In 2006, after marrying her husband David in Italy, they moved to Mexico City where Heather enrolled in metalsmith classes. Upon returning to Lubbock, Texas, where they now live, she continued her training as a goldsmith’s apprentice and accepted a position as Jewelry Buyer for luxury boutique Malouf’s.

She began to give her handmade pieces as gifts to friends, and soon after was participating in trunk shows, competing in art festivals, and selling in fine retail stores. Today, Heather’s passionate hobby has become her treasured vocation with Heather Henry Design, a luxury lifestyle collection of fine jewelry, minaudières and day bags inspired by the organic beauty of natural stones and raw elegance of precious metals.

She works between her small home studio and one in an artist’s enclave that is part of the Charles Adams Studio Project (CASP) located at the Louise Hopkins Underwood Center for the Arts (LHUCA) in Lubbock, TX – a campus dedicated to the Arts and artists that was the vision of her husband’s grandmother, Louise Underwood.

Heather is an active member of the local arts community as a member of the LHUCA advisory council, Vice President of Friends of Music board, board member of Ballet Lubbock and board member of Medici Circle, which raises money for Texas Tech art students and programs.

athousandfacets:

Märta Mattsson 
about:
Sometimes I see beauty in things that other people find strange or are even repulsed by. I become fascinated when there is something you do not want to see and the feeling you get when you do not want to look at something, yet you still do. My jewellery deals with the tension that lies between attraction and repulsion. I take seemingly inappropriate materials, making ordinary and familiar objects seem extraordinary and unfamiliar. In the 18th century many new breeds of animals and plants were discovered and it was the main era of cabinets of curiosities. People collected rarities because it gave them the feeling of being in the presence of something extraordinary and marvellous. The cabinets of curiosities were not meant to sympathize with the creatures on display, only marvel over their oddity. In a world where not many new and exotic breeds are discovered I use dead creatures in my pieces to evoke wonder. The creatures are transformed and reborn; given a new life as objects of astonishment.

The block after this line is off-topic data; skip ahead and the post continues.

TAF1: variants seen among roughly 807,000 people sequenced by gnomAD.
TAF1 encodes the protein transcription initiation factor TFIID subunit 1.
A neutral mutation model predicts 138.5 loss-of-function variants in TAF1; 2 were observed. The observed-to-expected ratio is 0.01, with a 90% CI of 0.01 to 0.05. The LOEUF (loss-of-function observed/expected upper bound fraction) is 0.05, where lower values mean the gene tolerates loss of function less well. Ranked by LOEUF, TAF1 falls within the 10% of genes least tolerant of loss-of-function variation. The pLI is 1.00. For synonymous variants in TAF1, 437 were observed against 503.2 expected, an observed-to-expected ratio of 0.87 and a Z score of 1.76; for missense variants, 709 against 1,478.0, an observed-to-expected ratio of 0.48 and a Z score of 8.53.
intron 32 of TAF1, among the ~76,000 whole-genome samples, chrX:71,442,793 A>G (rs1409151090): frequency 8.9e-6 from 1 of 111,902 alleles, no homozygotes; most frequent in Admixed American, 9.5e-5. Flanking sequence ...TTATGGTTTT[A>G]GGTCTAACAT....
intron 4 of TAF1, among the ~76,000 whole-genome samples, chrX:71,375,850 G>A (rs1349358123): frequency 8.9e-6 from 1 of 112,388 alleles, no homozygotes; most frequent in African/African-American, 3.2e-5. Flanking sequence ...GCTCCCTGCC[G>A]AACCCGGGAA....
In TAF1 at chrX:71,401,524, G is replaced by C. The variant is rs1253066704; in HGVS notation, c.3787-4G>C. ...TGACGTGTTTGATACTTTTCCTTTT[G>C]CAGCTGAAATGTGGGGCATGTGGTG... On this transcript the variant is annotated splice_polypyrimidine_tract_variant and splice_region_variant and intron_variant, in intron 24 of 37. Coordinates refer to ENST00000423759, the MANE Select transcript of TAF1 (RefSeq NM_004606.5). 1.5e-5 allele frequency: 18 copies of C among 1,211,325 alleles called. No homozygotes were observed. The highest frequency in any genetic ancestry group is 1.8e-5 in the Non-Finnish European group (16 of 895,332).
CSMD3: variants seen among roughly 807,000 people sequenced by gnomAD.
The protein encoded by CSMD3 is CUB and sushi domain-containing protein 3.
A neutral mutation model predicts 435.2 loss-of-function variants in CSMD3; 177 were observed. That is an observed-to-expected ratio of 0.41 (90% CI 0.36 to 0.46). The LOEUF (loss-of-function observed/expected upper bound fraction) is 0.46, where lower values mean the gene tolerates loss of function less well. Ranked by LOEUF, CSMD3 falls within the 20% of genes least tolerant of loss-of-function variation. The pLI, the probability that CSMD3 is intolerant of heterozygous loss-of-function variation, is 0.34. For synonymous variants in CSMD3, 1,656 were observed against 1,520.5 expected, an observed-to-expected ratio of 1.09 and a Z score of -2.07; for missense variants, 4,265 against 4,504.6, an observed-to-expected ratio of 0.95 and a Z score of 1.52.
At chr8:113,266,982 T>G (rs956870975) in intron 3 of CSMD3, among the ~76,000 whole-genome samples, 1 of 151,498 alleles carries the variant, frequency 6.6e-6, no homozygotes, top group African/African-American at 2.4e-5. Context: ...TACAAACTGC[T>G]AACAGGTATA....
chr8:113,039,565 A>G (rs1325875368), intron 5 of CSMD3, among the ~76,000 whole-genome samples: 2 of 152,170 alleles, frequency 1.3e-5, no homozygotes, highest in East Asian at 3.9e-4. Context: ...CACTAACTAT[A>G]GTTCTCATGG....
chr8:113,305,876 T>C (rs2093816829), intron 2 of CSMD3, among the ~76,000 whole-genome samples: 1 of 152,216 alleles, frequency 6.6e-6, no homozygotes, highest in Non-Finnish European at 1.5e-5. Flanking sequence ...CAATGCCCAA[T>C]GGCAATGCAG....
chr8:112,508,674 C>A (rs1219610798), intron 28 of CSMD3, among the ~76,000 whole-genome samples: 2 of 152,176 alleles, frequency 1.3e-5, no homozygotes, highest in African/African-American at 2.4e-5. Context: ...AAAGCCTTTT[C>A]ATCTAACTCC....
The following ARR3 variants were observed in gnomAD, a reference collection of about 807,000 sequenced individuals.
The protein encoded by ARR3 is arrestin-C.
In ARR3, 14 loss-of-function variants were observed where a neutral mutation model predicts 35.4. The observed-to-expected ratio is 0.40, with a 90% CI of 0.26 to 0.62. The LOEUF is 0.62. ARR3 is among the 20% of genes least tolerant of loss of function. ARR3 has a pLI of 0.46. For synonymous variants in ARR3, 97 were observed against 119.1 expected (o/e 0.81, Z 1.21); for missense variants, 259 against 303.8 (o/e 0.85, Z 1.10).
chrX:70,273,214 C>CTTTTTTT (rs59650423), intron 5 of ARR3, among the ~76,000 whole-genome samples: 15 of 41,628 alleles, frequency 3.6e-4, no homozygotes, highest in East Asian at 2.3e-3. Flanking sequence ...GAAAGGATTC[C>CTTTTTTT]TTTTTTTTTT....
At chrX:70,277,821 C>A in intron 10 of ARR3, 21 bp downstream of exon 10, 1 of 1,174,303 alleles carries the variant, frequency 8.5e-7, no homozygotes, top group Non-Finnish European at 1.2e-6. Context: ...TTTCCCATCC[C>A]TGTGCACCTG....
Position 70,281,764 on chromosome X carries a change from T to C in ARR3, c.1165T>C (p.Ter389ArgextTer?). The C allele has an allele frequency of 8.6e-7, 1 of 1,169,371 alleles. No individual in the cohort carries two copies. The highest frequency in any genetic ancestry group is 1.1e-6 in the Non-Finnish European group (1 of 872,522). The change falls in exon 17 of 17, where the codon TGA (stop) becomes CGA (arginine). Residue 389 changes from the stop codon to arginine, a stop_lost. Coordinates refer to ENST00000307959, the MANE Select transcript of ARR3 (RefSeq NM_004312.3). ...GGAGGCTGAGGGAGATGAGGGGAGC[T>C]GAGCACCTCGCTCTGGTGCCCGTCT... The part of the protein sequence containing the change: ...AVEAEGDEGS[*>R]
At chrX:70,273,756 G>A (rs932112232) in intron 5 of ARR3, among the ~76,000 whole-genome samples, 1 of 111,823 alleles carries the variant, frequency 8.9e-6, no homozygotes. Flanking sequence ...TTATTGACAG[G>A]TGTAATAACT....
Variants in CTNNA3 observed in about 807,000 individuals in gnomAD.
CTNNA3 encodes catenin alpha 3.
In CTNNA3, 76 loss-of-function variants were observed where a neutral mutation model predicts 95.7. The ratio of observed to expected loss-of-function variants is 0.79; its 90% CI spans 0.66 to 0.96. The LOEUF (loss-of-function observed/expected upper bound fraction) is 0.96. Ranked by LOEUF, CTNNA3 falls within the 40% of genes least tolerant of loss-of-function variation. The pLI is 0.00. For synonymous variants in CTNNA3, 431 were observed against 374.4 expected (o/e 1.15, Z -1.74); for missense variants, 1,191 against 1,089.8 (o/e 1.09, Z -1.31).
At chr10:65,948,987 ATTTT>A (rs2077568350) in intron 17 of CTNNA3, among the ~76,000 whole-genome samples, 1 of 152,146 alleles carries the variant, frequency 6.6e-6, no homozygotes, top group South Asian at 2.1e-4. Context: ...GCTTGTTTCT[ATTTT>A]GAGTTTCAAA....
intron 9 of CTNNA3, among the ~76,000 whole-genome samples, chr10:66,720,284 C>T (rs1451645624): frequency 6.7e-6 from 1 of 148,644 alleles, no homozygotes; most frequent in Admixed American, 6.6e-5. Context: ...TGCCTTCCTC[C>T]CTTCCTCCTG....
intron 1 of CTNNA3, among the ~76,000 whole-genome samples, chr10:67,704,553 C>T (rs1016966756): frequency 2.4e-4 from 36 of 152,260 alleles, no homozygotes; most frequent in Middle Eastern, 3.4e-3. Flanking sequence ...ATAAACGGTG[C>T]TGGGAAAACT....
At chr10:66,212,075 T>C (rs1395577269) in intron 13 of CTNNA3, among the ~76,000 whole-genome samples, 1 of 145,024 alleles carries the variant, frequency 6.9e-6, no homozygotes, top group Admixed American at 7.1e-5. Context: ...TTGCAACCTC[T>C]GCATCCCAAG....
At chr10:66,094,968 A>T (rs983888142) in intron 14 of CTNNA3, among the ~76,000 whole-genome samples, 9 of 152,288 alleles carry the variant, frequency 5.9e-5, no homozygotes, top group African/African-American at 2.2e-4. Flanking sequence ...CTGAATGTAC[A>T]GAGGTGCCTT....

athousandfacets:

Märta Mattsson 

about:

Sometimes I see beauty in things that other people find strange or are even repulsed by. I become fascinated when there is something you do not want to see and the feeling you get when you do not want to look at something, yet you still do. My jewellery deals with the tension that lies between attraction and repulsion. I take seemingly inappropriate materials, making ordinary and familiar objects seem extraordinary and unfamiliar.

In the 18th century many new breeds of animals and plants were discovered and it was the main era of cabinets of curiosities. People collected rarities because it gave them the feeling of being in the presence of something extraordinary and marvellous. The cabinets of curiosities were not meant to sympathize with the creatures on display, only marvel over their oddity. In a world where not many new and exotic breeds are discovered I use dead creatures in my pieces to evoke wonder. The creatures are transformed and reborn; given a new life as objects of astonishment.

aechlys:

moomindeco:

Bijouterie Fouquet
Musée Carnavalet, Paris

Oh my god

No woman wants an abortion like she wants an ice cream cone or a Porsche. She wants an abortion like an animal caught in a trap wants to gnaw off its own leg.

Anonymous  (via sweetfilthpig)

Things men don’t understand #28464

(via izcon)